Dr. Conor Cruise O'Brien
Dr. Conor Cruise O'Brien
During his career as a civil servant, O'Brien worked on the government's anti-partition campaign. At the 1969 general election, he was elected to Ireland's parliament as a Labour Party TD for Dublin North–East becoming a Minister from 1973–77. He was also the Labour Party's Northern Ireland spokesman during those years. He was later known primarily as an author and as a columnist for the Irish Independent.
Cruise O'Brien was born in Dublin to Francis ("Frank") Cruise O'Brien and Kathleen Sheehy. Frank was a journalist with the Freeman's Journal and Irish Independent newspapers, and had edited an essay written fifty years earlier by William Lecky, on the influence of the clergy on Irish politics.
Kathleen was an Irish language teacher. She was the daughter of David Sheehy, a member of the Irish Parliamentary Party and organiser of the Irish National Land League. She had two sisters, both of whom lost their husbands in 1916. Hanna's husband, the well known pacifist and supporter of women's suffrage Francis Sheehy-Skeffington, was executed by firing squad on the orders of Captain J.C Bowen Colthurst during the 1916 Easter Rising. Soon afterwards Mary's husband, Thomas Kettle, an officer of the Royal Dublin Fusiliers was killed during the Battle of the Somme. These three women, Hanna and his mother in particular, were a major influence on O'Brien's upbringing alongside Hanna's son, his cousin Owen Sheehy-Skeffington.
O'Brien's father (who died in 1927) wanted Conor educated non-denominationally, a wish that Kathleen honoured. O'Brien followed his cousin Owen into Sandford Park School that had a predominantly Protestant ethos, despite objections from Catholic clergy. O'Brien subsequently attended Trinity College Dublin which played the British national anthem until 1939, though O'Brien and Sheehy-Skeffington sat in protest on such occasions. O'Brien was editor of Trinity's weekly, TCD: A College Miscellany. His first wife, Christine Foster, came from a Belfast Presbyterian family and was, like her father, a member of the Gaelic League. Her parents, Alexander (Alec) Roulston Foster and Mary Lynd, were Irish republicans and supporters of Irish reunification. Alec Foster was headmaster at the time of Belfast Royal Academy and was later a founding member of the Northern Ireland Civil Rights Association and also a strong supporter of the Irish Anti-Apartheid movement.
He was a former Ulster, Ireland and British & Irish Lions rugby player, having captained Ireland three times between 1912–1914. O'Brien and Christine Foster were married in a registry office in 1939. The couple had three children – Donal, Fedelma, and Kathleen (Kate), who died in 1998. The marriage ended in divorce after 20 years. In 1962, O'Brien married the Irish-language writer and poet Máire Mhac an tSaoi in a Roman Catholic church. O'Brien's divorce, contrary to Roman Catholic teaching, was not an issue since that church did not recognise the validity of O'Brien's 1939 civil wedding in the first place. O'Brien referred to this action, which in effect formally de-recognised the legitimacy of his former wife and children, as "hypocritical ... and otherwise distasteful, but I took it, as preferable to the alternatives." Mac an tSaoi was five years his junior, and the daughter of Seán MacEntee, who was Tánaiste (Deputy Prime Minister) at the time. They subsequently adopted two Congolese children, a son (Patrick) and a daughter (Margaret).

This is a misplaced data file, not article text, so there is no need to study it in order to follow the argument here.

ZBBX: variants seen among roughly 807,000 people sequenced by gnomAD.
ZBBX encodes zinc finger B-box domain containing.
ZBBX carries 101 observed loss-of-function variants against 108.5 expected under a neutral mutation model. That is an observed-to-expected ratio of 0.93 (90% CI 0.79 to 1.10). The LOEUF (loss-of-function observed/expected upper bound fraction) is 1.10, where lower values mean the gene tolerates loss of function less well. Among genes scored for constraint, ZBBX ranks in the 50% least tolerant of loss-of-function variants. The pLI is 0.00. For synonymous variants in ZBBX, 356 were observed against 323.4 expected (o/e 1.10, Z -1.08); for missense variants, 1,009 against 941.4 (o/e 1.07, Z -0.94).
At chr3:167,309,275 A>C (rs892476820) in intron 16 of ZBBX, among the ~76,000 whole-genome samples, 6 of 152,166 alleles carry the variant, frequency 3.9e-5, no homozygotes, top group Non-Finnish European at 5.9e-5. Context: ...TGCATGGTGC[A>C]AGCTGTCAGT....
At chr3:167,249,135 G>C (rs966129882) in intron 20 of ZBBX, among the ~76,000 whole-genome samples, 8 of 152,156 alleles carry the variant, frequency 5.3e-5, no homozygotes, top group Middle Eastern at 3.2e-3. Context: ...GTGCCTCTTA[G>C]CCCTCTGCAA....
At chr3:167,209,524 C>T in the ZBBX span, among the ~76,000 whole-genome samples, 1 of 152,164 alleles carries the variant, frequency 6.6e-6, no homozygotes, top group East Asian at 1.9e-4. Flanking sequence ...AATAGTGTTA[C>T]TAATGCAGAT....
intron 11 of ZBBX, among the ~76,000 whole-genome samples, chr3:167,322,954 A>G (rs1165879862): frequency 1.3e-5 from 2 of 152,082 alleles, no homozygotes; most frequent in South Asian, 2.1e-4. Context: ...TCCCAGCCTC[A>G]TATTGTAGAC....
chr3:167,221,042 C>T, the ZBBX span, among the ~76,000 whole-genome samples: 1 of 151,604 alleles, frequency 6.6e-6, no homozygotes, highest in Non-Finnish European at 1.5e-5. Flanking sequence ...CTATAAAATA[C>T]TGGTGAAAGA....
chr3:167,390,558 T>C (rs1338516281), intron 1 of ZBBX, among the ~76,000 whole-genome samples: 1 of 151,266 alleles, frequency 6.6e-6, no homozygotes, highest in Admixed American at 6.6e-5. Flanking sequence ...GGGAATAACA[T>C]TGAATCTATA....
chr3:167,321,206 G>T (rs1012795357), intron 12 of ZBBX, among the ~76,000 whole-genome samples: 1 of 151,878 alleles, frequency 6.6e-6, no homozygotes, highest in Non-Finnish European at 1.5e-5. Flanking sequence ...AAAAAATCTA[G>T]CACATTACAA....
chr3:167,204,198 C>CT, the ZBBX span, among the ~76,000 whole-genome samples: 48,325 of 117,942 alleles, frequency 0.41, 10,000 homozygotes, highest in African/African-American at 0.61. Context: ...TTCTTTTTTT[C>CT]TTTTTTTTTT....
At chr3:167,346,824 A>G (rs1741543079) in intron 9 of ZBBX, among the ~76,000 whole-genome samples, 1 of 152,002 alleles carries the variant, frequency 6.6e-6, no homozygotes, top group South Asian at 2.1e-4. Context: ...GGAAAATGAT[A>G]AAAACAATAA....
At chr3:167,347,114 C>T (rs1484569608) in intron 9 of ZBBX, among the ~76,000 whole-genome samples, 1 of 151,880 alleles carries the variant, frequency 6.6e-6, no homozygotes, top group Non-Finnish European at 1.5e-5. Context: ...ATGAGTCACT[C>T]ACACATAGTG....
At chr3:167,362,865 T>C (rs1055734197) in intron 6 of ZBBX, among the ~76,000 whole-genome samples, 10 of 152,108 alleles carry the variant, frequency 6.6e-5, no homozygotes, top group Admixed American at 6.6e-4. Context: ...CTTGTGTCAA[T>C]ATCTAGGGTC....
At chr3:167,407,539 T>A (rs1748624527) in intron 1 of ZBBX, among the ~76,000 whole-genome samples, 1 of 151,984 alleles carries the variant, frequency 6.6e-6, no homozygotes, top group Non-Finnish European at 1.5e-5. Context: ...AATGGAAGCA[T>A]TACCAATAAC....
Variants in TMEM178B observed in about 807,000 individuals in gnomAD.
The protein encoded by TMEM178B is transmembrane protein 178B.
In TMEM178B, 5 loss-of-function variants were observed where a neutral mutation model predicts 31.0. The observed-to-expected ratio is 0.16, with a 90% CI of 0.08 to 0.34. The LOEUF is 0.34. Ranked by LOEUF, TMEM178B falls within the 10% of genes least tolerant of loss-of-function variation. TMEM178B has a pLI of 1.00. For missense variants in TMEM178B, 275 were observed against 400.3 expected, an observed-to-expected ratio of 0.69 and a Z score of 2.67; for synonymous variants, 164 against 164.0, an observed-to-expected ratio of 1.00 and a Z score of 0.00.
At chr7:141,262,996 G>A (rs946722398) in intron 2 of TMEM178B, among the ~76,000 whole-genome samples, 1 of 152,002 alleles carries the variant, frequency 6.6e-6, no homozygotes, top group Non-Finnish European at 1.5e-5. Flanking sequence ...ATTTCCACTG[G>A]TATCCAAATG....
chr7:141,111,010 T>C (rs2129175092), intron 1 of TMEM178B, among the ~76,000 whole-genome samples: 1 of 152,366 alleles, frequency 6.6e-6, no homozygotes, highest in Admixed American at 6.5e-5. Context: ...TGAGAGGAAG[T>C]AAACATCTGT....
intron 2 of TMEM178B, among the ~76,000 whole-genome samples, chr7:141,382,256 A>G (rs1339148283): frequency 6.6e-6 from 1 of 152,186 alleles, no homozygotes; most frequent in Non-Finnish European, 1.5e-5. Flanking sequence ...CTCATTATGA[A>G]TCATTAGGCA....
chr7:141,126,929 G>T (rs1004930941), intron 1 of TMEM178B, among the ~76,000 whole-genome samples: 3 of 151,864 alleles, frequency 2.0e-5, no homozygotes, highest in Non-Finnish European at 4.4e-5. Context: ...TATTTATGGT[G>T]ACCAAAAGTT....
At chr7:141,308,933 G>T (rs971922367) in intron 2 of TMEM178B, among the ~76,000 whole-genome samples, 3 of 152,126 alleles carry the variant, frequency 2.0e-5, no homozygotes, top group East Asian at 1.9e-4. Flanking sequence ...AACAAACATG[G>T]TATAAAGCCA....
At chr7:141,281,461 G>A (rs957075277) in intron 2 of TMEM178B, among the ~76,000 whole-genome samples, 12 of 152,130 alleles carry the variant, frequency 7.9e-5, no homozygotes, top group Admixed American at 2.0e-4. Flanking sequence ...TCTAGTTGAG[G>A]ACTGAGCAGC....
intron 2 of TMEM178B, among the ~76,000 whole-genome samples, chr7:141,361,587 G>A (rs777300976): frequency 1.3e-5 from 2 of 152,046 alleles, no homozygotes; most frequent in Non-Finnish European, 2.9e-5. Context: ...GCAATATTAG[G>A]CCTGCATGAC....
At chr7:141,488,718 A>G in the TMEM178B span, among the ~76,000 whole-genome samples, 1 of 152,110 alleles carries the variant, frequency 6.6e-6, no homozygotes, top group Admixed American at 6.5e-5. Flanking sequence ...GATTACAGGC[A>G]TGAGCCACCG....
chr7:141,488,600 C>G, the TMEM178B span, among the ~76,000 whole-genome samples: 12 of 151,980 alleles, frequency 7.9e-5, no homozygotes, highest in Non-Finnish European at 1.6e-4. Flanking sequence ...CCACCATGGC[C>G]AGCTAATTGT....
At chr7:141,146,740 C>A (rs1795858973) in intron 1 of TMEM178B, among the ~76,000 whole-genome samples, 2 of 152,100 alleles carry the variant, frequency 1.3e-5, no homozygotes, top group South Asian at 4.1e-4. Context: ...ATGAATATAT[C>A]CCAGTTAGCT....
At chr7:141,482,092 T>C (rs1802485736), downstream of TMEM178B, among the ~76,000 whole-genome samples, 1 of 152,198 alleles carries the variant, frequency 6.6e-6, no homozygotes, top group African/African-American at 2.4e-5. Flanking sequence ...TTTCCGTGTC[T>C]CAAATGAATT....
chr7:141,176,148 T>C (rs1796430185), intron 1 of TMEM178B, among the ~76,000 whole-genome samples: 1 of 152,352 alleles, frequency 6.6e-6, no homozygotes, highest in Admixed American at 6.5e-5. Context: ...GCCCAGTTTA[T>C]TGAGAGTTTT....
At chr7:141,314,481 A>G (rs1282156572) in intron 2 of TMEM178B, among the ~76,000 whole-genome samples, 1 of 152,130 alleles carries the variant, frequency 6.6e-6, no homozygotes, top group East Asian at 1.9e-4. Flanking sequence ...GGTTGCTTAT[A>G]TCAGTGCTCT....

O'Brien's university education led to a career in the public service, most notably in the Department of External (now Foreign) Affairs. He achieved distinction as managing director of the state run Irish News Agency and later as part of the fledgling Irish delegation to the United Nations. O'Brien later claimed he was something of an anomalous iconoclast in post-1922 Irish politics, particularly in the context of Fianna Fáil governments under Éamon de Valera. He considered that those who did not conform to traditional Roman Catholic mores were generally ill-suited to the public service, though that does not appear to have impeded his ascent through it. In the Department of External Affairs during the 1949–52 inter-party government, O'Brien served under former IRA Chief of Staff republican, Seán MacBride, the 1974 Nobel Peace Laureate, son of John MacBride and Maud Gonne. O'Brien was particularly vocal in opposition to partition during the 1940s and 1950s, as part of his official duties.